The first dances have their share of tears and smiles too. You can usually count on the beginning of the song and the end of the song for some priceless moments. These are just a few of the times when emotions bubble over. The more you pay attention at weddings you shoot, the more you’ll find other must-capture moments yourself.
Shoot from interesting angles
Don’t you get bored of looking at pictures from the same perspective all the time? So do the bride and groom. Shoot in different locations and with different points of view, and you’ll be doing everyone a big favor by giving them more than the same old stuff to look at.
Not every “creative” angle that you think up is a brilliant idea. Some angles put on additional weight, and I can guarantee that even the most amazing image will never be cherished by a bride if it adds extra pounds. Experiment with different shooting locations, but when you’re going through your pictures, be honest enough with yourself about how the image turned out, and be willing to not include an image that doesn’t flatter the subject.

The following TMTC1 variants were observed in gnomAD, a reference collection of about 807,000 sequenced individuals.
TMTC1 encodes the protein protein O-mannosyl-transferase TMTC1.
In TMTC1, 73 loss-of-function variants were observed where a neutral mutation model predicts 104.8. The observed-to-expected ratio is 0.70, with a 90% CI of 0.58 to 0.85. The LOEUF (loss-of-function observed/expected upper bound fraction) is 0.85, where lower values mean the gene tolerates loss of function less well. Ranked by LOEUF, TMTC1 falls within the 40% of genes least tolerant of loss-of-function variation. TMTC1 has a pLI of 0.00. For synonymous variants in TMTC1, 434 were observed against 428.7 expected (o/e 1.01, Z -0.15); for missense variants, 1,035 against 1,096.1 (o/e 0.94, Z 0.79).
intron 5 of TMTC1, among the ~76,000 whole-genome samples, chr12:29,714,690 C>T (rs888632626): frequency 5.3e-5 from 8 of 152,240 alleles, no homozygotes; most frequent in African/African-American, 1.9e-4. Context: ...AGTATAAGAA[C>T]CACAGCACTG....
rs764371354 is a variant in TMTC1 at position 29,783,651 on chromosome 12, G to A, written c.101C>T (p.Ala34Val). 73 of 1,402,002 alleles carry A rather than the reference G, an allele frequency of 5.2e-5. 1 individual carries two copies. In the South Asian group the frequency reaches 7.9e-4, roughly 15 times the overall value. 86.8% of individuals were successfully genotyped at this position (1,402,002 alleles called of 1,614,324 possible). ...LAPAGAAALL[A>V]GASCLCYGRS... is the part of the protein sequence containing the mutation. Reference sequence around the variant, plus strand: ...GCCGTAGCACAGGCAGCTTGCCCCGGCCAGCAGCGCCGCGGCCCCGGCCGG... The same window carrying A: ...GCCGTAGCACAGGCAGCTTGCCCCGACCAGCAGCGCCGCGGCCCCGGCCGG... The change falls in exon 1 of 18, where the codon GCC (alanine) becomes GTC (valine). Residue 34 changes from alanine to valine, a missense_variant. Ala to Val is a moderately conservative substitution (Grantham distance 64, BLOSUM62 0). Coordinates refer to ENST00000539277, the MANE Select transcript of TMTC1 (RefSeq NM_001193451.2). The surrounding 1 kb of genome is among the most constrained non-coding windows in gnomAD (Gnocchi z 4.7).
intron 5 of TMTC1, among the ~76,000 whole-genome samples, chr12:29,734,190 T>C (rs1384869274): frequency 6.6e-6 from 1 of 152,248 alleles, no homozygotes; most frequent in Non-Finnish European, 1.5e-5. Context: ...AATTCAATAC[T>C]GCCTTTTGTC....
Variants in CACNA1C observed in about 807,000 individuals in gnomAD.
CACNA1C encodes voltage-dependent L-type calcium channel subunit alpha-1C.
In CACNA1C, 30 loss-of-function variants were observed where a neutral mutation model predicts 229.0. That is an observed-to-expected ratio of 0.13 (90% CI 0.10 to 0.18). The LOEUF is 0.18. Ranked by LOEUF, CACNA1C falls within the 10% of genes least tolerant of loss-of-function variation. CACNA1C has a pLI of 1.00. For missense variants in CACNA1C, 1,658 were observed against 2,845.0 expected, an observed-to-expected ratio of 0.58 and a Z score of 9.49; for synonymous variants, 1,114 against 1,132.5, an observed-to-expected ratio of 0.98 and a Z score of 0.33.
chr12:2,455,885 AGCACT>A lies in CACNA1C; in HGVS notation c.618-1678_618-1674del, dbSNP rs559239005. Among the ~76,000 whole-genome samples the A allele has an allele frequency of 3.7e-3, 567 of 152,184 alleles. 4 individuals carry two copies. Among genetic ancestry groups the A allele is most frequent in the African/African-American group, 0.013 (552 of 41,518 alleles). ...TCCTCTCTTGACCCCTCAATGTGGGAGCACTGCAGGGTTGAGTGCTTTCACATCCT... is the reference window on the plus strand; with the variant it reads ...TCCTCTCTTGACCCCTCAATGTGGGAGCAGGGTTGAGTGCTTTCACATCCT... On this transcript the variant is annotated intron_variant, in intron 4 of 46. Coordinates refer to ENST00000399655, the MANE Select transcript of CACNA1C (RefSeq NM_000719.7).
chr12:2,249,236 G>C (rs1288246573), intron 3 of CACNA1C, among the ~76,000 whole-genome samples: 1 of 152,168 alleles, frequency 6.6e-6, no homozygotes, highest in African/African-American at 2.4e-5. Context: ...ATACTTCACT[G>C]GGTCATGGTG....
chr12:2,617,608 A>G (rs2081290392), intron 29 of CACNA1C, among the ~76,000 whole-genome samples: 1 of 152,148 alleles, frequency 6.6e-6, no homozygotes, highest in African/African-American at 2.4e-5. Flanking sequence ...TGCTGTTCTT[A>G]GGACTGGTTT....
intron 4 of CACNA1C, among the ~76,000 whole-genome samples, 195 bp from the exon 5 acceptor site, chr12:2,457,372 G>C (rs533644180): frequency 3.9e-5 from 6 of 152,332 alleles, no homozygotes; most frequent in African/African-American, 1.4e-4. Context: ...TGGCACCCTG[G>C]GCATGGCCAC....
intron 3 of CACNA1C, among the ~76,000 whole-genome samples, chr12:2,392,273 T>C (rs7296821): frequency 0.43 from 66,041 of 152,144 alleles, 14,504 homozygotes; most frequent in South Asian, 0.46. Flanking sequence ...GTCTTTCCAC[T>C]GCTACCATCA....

Know your camera
It’s an important skill to be able to “see” the shot before you click the shutter, but if you don’t know your gear, you may be frustrated by your inability to produce in your camera what you see in your mind. To make matters even worse, if you spend a lot of time trying to get a certain image, you can bet that you’ll have people asking about that image if it doesn’t make the cut. A wedding is a hard place to practice a new skill.
The best place to learn your gear is really before you need to shoot with it. Check out Youtube and other sites for tutorials on how to use your camera. If possible, pick the brain of other professionals. Read books. Then experiment at home and practice in a non-stressful environment.
Shoot with the final image in mind